Katherine Mansfield, Bliss and Other Stories (1920)
I don’t usually seek out short stories, though I often enjoy them when I do read them. Usually I’m looking for a longer-term reading experience, with characters I can live with over time. But when I read Katherine Mansfield’s collection Bliss and Other Stories (having drawn it as my Classics Club Spin book), I was reminded of how a beautifully rendered painting of a few objects, or an insightful portrait, can be a perfect work of art; we don’t always want or need a grand historical canvas with dozens of figures. In the same way these exquisitely written stories cast light on just a few characters or events, with an economy of language that does not lessen their emotional impact, but may even serve to heighten it. Freed from the necessity of plodding through a complicated plot, Mansfield often comes at her subjects in a surprising, sideways manner, with effects that are sometimes startling, sometimes amusing, but always masterfully done.
I know next to nothing about Mansfield, except that she was from New Zealand. This gave me the notion that her stories would be set in that country and that I would learn something about that place. However, this turns out not to be a strong element, at least in this particular collection; many of the stories are set in Europe, and the only one that is obviously set in New Zealand, the opening novella called “Prelude,” is far more occupied with the inner lives of the characters and their particular physical circumstances than with the setting in a wider sense. This is in no way a drawback, only a false expectation that I had to overcome in the process of reading.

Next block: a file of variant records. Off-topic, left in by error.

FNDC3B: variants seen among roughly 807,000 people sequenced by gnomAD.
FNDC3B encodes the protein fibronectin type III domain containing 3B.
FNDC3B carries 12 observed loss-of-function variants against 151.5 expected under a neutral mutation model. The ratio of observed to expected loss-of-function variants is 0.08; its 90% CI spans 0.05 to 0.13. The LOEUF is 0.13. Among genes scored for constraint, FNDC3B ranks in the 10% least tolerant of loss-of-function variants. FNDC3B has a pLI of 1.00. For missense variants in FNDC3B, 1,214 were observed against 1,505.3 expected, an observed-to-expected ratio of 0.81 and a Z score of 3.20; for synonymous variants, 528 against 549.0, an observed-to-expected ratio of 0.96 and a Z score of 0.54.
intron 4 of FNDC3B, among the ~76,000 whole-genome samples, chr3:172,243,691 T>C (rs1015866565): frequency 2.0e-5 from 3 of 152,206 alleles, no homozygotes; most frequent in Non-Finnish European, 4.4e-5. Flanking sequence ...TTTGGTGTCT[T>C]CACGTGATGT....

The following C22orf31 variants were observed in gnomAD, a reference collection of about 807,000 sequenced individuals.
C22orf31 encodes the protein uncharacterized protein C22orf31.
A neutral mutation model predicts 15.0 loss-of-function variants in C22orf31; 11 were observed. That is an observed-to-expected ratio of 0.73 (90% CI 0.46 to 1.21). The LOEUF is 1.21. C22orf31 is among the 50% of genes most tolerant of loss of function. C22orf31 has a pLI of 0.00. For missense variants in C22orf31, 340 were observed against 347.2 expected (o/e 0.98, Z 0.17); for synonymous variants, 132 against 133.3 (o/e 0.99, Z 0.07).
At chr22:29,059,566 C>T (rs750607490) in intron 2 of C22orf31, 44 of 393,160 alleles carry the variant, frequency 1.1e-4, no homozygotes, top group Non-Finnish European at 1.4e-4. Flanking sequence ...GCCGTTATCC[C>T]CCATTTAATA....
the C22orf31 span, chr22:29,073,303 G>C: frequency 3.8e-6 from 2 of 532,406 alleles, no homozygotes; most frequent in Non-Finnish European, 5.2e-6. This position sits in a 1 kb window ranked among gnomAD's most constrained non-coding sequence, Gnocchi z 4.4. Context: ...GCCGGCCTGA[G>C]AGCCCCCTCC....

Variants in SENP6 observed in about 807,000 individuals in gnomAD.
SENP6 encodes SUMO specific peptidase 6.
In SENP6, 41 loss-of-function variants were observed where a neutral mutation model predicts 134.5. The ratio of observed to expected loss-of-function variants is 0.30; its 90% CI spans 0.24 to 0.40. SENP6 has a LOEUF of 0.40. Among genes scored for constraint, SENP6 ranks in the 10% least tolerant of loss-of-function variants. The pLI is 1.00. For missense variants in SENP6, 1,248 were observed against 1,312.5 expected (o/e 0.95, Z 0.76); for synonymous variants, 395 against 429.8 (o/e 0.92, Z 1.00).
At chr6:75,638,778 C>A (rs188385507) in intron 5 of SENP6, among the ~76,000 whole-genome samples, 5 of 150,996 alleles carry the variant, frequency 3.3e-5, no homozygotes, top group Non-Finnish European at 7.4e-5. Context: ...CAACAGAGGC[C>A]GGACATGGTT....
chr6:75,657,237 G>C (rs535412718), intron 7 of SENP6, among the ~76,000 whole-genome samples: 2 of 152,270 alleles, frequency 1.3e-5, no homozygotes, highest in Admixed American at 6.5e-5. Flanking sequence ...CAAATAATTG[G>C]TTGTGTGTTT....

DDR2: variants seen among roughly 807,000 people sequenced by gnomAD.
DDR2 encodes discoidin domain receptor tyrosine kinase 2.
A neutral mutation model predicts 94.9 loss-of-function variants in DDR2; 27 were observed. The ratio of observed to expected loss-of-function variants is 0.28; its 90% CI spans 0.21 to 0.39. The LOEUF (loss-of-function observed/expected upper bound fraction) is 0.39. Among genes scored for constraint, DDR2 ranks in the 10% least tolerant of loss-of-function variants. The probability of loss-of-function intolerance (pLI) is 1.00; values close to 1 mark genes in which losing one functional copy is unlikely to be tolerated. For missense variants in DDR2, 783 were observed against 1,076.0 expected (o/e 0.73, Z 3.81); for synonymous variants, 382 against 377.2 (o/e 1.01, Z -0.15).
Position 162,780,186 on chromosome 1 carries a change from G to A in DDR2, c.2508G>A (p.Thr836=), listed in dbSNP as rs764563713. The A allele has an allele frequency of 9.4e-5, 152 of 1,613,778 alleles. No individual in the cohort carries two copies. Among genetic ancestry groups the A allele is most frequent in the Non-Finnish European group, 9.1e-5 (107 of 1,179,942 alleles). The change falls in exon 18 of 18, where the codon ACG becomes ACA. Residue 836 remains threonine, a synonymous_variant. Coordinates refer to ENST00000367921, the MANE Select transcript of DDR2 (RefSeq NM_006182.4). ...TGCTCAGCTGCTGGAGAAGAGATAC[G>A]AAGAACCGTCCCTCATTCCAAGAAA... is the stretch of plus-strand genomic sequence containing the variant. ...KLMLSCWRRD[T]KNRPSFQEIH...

The stories often end with a reversal or down-turn in the protagonist’s fortunes, but so light was Mansfield’s touch that this somehow did not depress me as it does with some authors. Comedy and tragedy can be very close together, and these stories delicately reveal their affinity.
Many more of Mansfield’s stories await me in my e-book edition. I’m sure I’ll be dipping into them again for a brief, invigorating dose of a fine writer’s art.